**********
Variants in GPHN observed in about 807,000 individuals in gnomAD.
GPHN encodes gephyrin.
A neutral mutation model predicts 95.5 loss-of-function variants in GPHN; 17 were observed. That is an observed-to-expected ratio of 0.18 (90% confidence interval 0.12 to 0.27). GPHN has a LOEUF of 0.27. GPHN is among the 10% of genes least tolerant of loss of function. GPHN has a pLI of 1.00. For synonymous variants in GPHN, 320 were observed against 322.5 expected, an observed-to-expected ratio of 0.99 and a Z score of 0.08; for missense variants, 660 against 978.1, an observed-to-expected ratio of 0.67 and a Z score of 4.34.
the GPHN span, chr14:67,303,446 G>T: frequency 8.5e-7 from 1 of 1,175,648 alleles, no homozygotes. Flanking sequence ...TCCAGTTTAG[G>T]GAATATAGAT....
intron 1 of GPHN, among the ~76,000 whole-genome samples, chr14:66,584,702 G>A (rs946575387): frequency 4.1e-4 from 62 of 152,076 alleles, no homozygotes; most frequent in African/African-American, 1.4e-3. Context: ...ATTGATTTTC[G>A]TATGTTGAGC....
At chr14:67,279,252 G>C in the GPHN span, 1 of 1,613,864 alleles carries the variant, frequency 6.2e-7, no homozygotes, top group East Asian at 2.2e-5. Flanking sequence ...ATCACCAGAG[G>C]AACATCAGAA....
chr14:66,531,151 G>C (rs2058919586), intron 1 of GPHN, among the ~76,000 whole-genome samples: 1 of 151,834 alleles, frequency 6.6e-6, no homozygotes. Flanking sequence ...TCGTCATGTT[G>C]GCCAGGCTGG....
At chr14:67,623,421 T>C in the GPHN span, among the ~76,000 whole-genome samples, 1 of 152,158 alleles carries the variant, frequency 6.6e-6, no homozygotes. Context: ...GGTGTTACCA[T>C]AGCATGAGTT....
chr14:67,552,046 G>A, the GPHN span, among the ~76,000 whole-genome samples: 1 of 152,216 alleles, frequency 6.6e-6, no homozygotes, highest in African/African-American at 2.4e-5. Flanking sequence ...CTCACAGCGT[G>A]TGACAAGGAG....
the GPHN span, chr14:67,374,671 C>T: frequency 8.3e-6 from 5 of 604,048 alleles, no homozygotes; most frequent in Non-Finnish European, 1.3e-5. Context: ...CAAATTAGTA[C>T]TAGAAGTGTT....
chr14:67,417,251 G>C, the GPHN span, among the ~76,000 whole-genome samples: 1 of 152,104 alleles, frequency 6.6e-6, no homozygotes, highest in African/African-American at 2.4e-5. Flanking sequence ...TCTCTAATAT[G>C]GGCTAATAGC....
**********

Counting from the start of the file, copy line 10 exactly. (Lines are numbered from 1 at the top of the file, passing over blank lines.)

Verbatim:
the GPHN span, chr14:67,374,671 C>T: frequency 8.3e-6 from 5 of 604,048 alleles, no homozygotes; most frequent in Non-Finnish European, 1.3e-5. Context: ...CAAATTAGTA[C>T]TAGAAGTGTT....